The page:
You’ve been a big proponent of Blue Sky over the years, having worked with literally all of the components in whatever studio you’ve outfit, be it EA or Sony. What is it about these speakers that works well for what you do?

I call Blue Sky the ‘bang-for-the-buck’ speaker, not because it’s an inexpensive speaker, but it’s a very good speaker for a reasonable price. In its product line, Blue Sky has everything, from the smaller desktop EXO’s to the rather large mid-field ‘Big Blues—and everything in between. I’ve worked with other speakers in the past, but for me Blue Sky is a must-have tool whenever I’m doing audio for games. Additionally, Blue Sky’s Bass Management Controller, which integrate and control their 5.1 systems, help to complete a very useful tool for sound design and mixing.

You mentioned moving from creating audio for the larger console games like PlayStation and Xbox, to the smaller platform games for iPhone and the like… How does that impact your approach?

Coming from the larger console and PC gaming world, the bar for audio quality is similar to that of film. In the world of MMOs and smaller gaming platforms, the audio quality was not up to par when compared to where console audio was. Similar to what I did at EA, working with Sony I was able to get EXO and MediaDesk 5.1 systems in many of the office suites, all the edit rooms were outfitted with Sky System One , and we installed I/ON in-wall speakers in the conference room. That, all put into place, really helped with the consistency issues. Granted, it took many months to get together. You’ll hear a major difference on the last game we worked on, “Free Realms”.

During that time, I got a chance to try out the new Blue Sky dual 6” speakers [the SAT 265; slated for release late summer/early fall of ‘09] with the SUB 212 and was really impressed. What’s really amazing is it sounds basically the same as the Sky System One with more SPL! A couple of the sound guys in the room were like, ‘Whoa! How do we get a pair of those?’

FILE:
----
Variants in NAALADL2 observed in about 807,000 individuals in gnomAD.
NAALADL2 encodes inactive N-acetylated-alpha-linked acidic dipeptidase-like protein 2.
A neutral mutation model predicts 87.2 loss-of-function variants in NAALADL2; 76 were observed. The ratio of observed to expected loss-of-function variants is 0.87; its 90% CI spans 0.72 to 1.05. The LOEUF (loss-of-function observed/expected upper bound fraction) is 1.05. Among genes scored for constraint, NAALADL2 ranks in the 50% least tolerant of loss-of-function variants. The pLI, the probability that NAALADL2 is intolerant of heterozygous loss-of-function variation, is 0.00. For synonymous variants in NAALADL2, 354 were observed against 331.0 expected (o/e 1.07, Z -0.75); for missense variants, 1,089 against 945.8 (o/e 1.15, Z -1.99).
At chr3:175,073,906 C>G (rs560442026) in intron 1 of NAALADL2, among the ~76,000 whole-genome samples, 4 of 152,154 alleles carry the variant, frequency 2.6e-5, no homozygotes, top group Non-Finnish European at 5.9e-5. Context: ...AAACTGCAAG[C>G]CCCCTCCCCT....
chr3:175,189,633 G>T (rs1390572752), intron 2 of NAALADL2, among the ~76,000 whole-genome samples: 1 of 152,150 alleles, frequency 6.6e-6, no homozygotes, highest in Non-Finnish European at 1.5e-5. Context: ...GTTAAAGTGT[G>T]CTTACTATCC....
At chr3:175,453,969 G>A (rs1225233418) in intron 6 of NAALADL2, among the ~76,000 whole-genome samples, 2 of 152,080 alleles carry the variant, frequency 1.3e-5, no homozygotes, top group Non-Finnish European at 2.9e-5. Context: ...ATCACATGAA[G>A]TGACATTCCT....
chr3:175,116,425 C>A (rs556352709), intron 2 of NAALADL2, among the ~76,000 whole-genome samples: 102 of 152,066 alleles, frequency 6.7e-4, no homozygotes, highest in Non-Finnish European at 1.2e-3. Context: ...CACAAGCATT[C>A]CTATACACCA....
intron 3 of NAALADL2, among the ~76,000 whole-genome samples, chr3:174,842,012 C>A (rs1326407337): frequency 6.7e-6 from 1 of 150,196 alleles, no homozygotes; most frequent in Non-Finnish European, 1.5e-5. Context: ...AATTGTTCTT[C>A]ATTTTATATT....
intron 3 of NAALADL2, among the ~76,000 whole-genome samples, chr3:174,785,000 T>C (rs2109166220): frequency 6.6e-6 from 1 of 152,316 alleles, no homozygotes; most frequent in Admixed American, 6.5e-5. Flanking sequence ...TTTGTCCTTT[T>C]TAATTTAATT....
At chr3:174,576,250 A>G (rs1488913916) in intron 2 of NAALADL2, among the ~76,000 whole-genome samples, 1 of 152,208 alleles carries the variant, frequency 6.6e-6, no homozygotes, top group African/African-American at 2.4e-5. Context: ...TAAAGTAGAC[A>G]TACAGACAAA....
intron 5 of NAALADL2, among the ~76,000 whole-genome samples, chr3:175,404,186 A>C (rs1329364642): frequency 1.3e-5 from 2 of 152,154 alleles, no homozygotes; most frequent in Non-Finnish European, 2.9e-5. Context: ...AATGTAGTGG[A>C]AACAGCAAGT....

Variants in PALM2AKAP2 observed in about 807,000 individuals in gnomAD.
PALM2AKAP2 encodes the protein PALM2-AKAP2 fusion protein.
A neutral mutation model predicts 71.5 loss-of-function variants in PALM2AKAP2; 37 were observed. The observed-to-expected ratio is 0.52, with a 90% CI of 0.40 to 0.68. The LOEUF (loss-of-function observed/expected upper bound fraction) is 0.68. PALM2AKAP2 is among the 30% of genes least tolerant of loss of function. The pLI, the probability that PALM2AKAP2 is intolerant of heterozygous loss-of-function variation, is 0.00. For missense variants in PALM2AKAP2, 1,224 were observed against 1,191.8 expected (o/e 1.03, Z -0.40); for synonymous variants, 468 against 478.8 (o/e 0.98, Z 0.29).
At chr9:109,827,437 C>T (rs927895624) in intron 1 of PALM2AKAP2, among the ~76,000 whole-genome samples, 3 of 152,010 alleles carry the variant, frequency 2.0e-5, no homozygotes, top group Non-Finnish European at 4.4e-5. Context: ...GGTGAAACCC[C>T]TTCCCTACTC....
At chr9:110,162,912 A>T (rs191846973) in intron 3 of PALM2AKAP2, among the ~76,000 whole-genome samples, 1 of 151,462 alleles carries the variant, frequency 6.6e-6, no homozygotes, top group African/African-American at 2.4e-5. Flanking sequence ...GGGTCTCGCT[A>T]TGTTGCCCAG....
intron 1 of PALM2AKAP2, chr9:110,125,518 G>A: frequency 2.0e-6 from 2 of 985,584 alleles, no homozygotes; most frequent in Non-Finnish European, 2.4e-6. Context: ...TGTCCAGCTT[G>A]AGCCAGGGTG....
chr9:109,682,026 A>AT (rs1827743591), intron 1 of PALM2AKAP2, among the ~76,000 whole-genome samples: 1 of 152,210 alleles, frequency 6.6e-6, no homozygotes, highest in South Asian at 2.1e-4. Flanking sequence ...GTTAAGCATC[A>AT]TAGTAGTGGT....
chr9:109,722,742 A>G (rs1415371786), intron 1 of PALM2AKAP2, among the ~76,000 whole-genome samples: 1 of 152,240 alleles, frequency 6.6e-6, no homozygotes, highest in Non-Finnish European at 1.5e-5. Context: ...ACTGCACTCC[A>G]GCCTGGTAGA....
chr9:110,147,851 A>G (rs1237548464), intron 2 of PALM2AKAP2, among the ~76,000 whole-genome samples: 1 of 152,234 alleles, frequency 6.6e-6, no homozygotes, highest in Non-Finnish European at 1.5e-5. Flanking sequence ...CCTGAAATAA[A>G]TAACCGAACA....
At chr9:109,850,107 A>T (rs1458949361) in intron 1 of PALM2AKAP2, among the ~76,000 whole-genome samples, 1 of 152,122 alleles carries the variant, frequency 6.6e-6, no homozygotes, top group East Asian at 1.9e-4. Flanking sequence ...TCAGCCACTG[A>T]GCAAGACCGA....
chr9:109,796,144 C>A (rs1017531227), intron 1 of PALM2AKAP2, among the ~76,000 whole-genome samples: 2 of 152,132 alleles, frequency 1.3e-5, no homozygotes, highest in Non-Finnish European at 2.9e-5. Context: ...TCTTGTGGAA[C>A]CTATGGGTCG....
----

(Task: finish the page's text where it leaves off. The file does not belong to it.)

Tell me about your studio set-up and is that consistent across the board with your developers working in their home studios?

Most of us are using Intel Mac’s with Pro Tools and the standard range of plug-ins like Waves, McDSP, Sony Oxford, Altaverb, Audio East, Omnisphere, Vienna Sound Libraries, etc. In our main Austin studio, I have a Pro Tools|HD 3 Accel system but also use Logic for music.

As far as speakers, I use Sky System One and Big Blue, but most of the developers are using Media Desk or Sky System One, with many of the iPhone developers using the smaller EXO system.

Doing iPhone games, one interesting thing is that a lot of people will mix using headphones—and we do check it out on headphones—but you can’t have them on all day long because you’ll blow out your ears. Many developers also mix on smaller systems. The Blue Sky mixes translate over the headphones very well, and sound good on other speakers.

What projects are you involved in currently?

Right now, we’re working on a bunch of casual games, Wii and iPhone titles, and starting next month we’ll be doing an Xbox 360, PS3 and Wii titles. So we have a lot of work coming through.

The fourth iPhone game we’re working on is called ‘Ace Shot’. With everyone using Blue Sky Sky System One, I can’t believe how consistent the sounds are coming in from everyone. You can play the game on iPhone earbuds or other headphones and the sound is incredibly consistent.

Iphone games are fun to work on because the work schedule is short–typically 2-3 weeks of work as opposed to 6-7 months, which is what it takes to do a big console game. So it’s refreshing because the burn-out factor doesn’t exist and you see the results much quicker.

Also, I’m working on creating an audio podcast; the goal being to unite sound designers in all realms, from games, to film, to TV music and to get a conversation going with creators working in different areas in audio. I hope to create a sense of community or awareness of what each sector is doing. The audio community is big, and I want to see the community come together more.

For more about Gregory Allen and Apparatic, go to: www.apparatic.com

By Diane Gershuny